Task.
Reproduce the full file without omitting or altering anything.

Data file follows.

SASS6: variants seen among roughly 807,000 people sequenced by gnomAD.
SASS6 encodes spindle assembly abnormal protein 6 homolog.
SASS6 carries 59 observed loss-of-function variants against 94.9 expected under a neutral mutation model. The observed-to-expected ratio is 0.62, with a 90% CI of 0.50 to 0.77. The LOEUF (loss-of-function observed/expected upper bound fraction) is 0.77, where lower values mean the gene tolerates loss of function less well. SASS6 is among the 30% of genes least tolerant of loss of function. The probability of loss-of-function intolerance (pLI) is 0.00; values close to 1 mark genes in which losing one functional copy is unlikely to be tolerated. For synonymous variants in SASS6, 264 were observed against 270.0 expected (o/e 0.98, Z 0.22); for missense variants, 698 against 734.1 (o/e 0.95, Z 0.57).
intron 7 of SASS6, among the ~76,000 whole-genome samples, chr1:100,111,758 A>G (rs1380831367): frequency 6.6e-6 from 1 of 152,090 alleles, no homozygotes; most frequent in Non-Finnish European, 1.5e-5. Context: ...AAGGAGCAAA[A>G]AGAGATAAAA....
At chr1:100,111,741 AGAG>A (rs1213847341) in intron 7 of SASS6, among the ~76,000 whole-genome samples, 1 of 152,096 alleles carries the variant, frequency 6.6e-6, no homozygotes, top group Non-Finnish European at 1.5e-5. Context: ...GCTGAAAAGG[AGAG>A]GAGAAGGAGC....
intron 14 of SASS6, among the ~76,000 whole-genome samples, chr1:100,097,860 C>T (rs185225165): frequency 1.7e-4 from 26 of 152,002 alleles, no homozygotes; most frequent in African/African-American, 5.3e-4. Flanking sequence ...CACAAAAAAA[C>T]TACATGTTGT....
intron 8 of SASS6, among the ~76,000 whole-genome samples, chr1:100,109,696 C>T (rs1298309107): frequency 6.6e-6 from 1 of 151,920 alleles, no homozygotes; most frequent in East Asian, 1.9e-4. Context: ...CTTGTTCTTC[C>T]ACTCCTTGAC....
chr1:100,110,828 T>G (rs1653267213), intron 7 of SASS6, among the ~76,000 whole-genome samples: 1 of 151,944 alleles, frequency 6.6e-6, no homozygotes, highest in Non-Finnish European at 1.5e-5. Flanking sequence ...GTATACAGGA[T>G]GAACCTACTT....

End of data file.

SASS6: variants seen among roughly 807,000 people sequenced by gnomAD.
SASS6 encodes spindle assembly abnormal protein 6 homolog.
SASS6 carries 59 observed loss-of-function variants against 94.9 expected under a neutral mutation model. The observed-to-expected ratio is 0.62, with a 90% CI of 0.50 to 0.77. The LOEUF (loss-of-function observed/expected upper bound fraction) is 0.77, where lower values mean the gene tolerates loss of function less well. SASS6 is among the 30% of genes least tolerant of loss of function. The probability of loss-of-function intolerance (pLI) is 0.00; values close to 1 mark genes in which losing one functional copy is unlikely to be tolerated. For synonymous variants in SASS6, 264 were observed against 270.0 expected (o/e 0.98, Z 0.22); for missense variants, 698 against 734.1 (o/e 0.95, Z 0.57).
intron 7 of SASS6, among the ~76,000 whole-genome samples, chr1:100,111,758 A>G (rs1380831367): frequency 6.6e-6 from 1 of 152,090 alleles, no homozygotes; most frequent in Non-Finnish European, 1.5e-5. Context: ...AAGGAGCAAA[A>G]AGAGATAAAA....
At chr1:100,111,741 AGAG>A (rs1213847341) in intron 7 of SASS6, among the ~76,000 whole-genome samples, 1 of 152,096 alleles carries the variant, frequency 6.6e-6, no homozygotes, top group Non-Finnish European at 1.5e-5. Context: ...GCTGAAAAGG[AGAG>A]GAGAAGGAGC....
intron 14 of SASS6, among the ~76,000 whole-genome samples, chr1:100,097,860 C>T (rs185225165): frequency 1.7e-4 from 26 of 152,002 alleles, no homozygotes; most frequent in African/African-American, 5.3e-4. Flanking sequence ...CACAAAAAAA[C>T]TACATGTTGT....
intron 8 of SASS6, among the ~76,000 whole-genome samples, chr1:100,109,696 C>T (rs1298309107): frequency 6.6e-6 from 1 of 151,920 alleles, no homozygotes; most frequent in East Asian, 1.9e-4. Context: ...CTTGTTCTTC[C>T]ACTCCTTGAC....
chr1:100,110,828 T>G (rs1653267213), intron 7 of SASS6, among the ~76,000 whole-genome samples: 1 of 151,944 alleles, frequency 6.6e-6, no homozygotes, highest in Non-Finnish European at 1.5e-5. Flanking sequence ...GTATACAGGA[T>G]GAACCTACTT....